The park, better known as “7Hills” was funded by a crowdsourcing campaign initiated by Zakaria and Make Life Skate Life, an international nonprofit organization that seeks to encourage skateboarding to underserved, poverty-stricken children. The $25,000 required to build the park was gathered in a matter of days and was constructed using an international volunteer workforce in less than three weeks.

With a self-proclaimed mission of aiding the “under-served refugee youth in Jordan,” the park encourages and provides an outlet for youth refugees in Jordan and aspiring Arab artists to express themselves and share their ideas. Awareness & Prevention Through Art (AptArt) is another organization that has helped support the park and ostensibly, the refugee youth culture that the park gathers.

AptArt hosts workshops on creating large scale public art for disadvantaged youth and refugees. The subject matter of the artwork focuses on healing and rehabilitation from regional trauma and conflict. The motivation for these efforts is to unite the youth affected by expressing and sharing common experiences.

The Collateral Repair Project (CPR) is a nonprofit that provides an additional outlet of rehabilitation for refugees. CPR sponsors and hosts weekly skateboard lessons for displaced youth interested in learning. They also work to provide free skateboards and safety equipment to anyone that wishes to learn but do not have money to purchase their own.

The fear of playing outside and being robbed of a normal childhood are tragic side effects of more conventional signs of poverty. What the 7Hills skatepark has done is to provide a place for refugee children and young adults to forget their fears and regain a sense of normalcy by sparking an interest in a growing communal activity.

“In Syria, I couldn’t go out and play because of the war, but in Amman, I can enjoy my time, stay out late and make new friends at the skatepark,” says Ahmed Rayen, a 9-year-old skateboard enthusiast.

Zakaria first began skating the streets of Amman in 2002, before skateboarding had become a commonly acceptable pastime in the country. He recalls early on receiving societal backlash and consternation. Not to be discouraged, Zakaria founded Philadelphia Skateboards in 2009 which was the first and currently the only Arabic skateboard company. In an effort to popularize the sport in the Arab world and abroad, the company has supported local up and coming Arab graphic artists by using their designs on the skateboard decks.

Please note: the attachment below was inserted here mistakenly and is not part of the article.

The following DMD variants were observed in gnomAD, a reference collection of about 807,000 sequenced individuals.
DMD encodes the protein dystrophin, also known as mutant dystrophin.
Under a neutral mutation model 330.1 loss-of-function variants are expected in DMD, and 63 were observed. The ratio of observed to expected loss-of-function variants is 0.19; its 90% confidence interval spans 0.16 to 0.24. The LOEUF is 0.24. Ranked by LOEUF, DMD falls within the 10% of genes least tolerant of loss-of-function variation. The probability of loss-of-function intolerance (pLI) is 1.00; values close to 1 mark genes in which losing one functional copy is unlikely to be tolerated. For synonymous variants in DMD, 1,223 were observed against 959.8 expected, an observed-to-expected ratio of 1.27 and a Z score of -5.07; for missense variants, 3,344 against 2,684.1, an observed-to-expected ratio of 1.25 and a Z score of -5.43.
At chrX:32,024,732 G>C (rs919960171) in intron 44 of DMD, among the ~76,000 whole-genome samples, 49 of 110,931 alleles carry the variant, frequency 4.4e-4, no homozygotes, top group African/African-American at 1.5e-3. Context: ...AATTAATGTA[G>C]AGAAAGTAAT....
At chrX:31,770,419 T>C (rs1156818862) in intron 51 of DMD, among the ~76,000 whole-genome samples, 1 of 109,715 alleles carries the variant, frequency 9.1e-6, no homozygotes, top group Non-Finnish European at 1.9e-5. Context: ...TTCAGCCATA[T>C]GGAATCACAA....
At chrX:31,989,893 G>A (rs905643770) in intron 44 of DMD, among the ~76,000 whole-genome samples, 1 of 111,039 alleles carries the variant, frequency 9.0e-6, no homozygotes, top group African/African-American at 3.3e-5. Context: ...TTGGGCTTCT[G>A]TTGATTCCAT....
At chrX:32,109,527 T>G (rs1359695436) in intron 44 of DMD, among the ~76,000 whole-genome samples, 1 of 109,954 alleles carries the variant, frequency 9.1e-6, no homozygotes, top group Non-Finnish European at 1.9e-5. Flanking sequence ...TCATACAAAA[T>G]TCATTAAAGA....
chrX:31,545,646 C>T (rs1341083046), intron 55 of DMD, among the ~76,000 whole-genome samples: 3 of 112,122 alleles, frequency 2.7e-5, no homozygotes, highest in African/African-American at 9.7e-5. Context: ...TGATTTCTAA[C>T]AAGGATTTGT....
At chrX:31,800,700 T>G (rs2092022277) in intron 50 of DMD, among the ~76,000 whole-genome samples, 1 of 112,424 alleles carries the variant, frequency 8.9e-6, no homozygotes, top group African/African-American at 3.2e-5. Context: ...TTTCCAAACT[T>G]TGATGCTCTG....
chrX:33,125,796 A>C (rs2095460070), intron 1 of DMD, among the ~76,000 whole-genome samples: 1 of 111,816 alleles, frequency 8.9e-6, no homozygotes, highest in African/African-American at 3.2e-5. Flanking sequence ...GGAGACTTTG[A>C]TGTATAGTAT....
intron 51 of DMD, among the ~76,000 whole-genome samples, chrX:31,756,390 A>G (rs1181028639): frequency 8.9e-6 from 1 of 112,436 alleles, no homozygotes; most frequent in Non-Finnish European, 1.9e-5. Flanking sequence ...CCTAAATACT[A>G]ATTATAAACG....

“We wanted the decks to have graphics that represent us in the Arab world in a way. So we naturally couldn’t work with non-Arab artists,” says Zakaria.

These efforts have certainly inspired a wave of Arab skateboarders as the company now sells in multiple Arabic countries including, Egypt, Tunisia, UAE and Lebanon. European ex-patriot skateboarders living in the Middle East have even begun to take notice of popularizing sales in Belgium, Luxembourg, and the Netherlands. Zakaria states that sales to Europe have begun to grow as increased publicity about Arab skating has sparked an international interest in the brand as well as the 7Hills skatepark and its charitable efforts towards refugee kids.

Zakaria and his company Philadelphia Skateboards have become synonymous with the evolving skate culture that is burgeoning in the Middle East and in Jordan in particular.

“Many of our skaters, and the new kids we hope to bring into the park, come from broken homes or refugee families. We want to give them a healthy, free, accessible resource to enjoy life. Creating a place where underserved refugee youth can have free access to skateboarding…It’s been tough, but it’s been great to see people pitching in from around the world.”

The Borgen Project

Sources: Mondoweiss, Make Life Skate Life, Al Jazeera, Jackson Allers, Huffington Post, 7 Iber
Photo: Mondoweiss

There has been a great deal of criticism lately in regards to the Obama Administration’s efforts and plan to combat ISIS. An article by The Hill says that the GOP even goes as far as to state, “President Obama doesn’t have a serious strategy to defeat ISIS.” One of the strategies by the Defense Department is to train Syrian rebels to fight the terrorist organization.